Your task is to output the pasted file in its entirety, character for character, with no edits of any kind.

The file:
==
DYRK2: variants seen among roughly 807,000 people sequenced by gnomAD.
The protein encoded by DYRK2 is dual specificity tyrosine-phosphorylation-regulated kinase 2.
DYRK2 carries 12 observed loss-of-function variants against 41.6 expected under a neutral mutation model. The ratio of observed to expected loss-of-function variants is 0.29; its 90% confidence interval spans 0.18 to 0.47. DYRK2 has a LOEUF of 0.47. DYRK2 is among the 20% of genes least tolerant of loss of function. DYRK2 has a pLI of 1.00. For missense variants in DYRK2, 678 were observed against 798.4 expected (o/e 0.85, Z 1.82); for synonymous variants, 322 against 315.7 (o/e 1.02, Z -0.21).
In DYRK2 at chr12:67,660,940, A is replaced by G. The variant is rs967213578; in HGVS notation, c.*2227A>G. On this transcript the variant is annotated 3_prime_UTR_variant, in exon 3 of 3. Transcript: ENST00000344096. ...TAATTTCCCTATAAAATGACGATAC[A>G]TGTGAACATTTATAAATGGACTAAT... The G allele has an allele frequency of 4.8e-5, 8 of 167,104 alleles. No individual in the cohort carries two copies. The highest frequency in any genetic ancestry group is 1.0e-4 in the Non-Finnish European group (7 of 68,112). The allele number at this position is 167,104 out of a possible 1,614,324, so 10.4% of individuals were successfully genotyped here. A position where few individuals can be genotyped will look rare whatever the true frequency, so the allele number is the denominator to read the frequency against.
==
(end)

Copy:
DYRK2: variants seen among roughly 807,000 people sequenced by gnomAD.
The protein encoded by DYRK2 is dual specificity tyrosine-phosphorylation-regulated kinase 2.
DYRK2 carries 12 observed loss-of-function variants against 41.6 expected under a neutral mutation model. The ratio of observed to expected loss-of-function variants is 0.29; its 90% confidence interval spans 0.18 to 0.47. DYRK2 has a LOEUF of 0.47. DYRK2 is among the 20% of genes least tolerant of loss of function. DYRK2 has a pLI of 1.00. For missense variants in DYRK2, 678 were observed against 798.4 expected (o/e 0.85, Z 1.82); for synonymous variants, 322 against 315.7 (o/e 1.02, Z -0.21).
In DYRK2 at chr12:67,660,940, A is replaced by G. The variant is rs967213578; in HGVS notation, c.*2227A>G. On this transcript the variant is annotated 3_prime_UTR_variant, in exon 3 of 3. Transcript: ENST00000344096. ...TAATTTCCCTATAAAATGACGATAC[A>G]TGTGAACATTTATAAATGGACTAAT... The G allele has an allele frequency of 4.8e-5, 8 of 167,104 alleles. No individual in the cohort carries two copies. The highest frequency in any genetic ancestry group is 1.0e-4 in the Non-Finnish European group (7 of 68,112). The allele number at this position is 167,104 out of a possible 1,614,324, so 10.4% of individuals were successfully genotyped here. A position where few individuals can be genotyped will look rare whatever the true frequency, so the allele number is the denominator to read the frequency against.